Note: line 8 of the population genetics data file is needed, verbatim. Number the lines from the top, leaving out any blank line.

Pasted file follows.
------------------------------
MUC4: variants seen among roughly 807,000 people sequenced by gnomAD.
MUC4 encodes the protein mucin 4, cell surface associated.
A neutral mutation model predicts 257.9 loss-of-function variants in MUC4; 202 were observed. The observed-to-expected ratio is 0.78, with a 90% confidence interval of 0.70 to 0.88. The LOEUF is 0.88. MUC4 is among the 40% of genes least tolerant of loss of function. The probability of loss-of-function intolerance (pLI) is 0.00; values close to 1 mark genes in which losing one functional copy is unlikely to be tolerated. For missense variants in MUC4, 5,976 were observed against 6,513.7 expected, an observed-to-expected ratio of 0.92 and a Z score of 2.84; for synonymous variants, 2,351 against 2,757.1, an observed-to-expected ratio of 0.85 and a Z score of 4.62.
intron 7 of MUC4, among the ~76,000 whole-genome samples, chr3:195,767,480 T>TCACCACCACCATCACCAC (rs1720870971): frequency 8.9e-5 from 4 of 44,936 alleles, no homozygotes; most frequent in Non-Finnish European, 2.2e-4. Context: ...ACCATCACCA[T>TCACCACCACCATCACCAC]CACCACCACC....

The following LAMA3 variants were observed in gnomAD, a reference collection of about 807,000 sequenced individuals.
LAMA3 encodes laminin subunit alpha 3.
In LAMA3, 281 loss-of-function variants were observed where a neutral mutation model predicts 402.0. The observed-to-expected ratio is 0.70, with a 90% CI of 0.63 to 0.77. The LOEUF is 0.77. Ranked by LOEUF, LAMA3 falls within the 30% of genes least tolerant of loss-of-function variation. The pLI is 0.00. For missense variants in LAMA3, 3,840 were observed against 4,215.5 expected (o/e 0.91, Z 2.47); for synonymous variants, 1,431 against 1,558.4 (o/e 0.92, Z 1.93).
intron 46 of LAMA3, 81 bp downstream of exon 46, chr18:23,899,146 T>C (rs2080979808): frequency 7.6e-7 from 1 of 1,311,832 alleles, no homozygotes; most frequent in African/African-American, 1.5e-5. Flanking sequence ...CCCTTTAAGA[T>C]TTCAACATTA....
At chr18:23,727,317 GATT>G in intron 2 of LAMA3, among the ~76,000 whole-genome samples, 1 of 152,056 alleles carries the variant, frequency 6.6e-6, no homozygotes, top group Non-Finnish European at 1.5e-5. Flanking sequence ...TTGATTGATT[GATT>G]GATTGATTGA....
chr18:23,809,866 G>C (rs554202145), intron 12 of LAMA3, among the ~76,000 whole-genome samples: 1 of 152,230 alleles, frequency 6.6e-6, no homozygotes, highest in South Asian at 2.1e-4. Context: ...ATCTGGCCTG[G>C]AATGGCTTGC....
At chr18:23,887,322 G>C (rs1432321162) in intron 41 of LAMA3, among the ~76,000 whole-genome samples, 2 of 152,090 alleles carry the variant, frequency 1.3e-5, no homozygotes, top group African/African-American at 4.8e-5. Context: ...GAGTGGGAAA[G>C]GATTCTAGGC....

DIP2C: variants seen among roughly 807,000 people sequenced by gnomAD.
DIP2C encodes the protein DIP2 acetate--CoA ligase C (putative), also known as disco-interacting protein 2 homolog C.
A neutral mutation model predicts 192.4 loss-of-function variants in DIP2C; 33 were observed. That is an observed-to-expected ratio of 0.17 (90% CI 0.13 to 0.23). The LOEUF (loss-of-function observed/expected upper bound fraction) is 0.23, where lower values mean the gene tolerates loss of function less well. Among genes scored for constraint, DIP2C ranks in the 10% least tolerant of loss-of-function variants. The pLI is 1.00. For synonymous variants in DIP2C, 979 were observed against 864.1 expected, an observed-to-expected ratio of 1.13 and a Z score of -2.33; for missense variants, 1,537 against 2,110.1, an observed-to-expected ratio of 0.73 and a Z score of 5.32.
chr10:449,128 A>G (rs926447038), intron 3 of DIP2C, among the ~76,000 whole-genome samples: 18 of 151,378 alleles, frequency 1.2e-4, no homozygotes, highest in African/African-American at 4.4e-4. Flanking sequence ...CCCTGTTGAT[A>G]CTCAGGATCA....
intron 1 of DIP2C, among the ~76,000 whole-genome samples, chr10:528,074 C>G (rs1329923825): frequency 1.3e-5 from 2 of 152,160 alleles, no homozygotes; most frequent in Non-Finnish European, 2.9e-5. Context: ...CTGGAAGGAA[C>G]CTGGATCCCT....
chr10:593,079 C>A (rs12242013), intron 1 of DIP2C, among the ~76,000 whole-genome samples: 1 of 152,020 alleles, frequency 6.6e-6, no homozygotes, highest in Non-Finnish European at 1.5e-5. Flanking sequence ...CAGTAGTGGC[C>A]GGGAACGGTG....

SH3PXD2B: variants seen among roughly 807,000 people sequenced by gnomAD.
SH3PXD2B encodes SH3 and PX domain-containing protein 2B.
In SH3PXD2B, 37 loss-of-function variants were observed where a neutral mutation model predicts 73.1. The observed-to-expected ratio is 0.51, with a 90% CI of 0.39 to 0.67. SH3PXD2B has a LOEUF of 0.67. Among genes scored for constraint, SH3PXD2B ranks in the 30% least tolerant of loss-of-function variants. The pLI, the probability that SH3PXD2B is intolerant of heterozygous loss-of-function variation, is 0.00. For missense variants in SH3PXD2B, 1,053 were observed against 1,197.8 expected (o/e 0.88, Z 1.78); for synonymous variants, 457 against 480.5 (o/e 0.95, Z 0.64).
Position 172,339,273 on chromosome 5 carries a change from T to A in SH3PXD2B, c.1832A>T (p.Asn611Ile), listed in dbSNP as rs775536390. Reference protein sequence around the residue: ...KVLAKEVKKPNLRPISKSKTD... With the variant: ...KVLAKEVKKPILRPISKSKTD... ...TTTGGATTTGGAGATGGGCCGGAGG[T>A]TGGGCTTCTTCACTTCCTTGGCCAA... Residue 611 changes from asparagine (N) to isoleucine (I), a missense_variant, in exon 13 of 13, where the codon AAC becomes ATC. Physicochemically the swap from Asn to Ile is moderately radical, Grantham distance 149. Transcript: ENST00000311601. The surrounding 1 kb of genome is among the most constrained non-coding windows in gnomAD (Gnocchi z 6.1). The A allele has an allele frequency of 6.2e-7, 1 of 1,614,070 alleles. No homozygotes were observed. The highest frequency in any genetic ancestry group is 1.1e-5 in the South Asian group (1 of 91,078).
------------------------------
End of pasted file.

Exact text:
intron 46 of LAMA3, 81 bp downstream of exon 46, chr18:23,899,146 T>C (rs2080979808): frequency 7.6e-7 from 1 of 1,311,832 alleles, no homozygotes; most frequent in African/African-American, 1.5e-5. Flanking sequence ...CCCTTTAAGA[T>C]TTCAACATTA....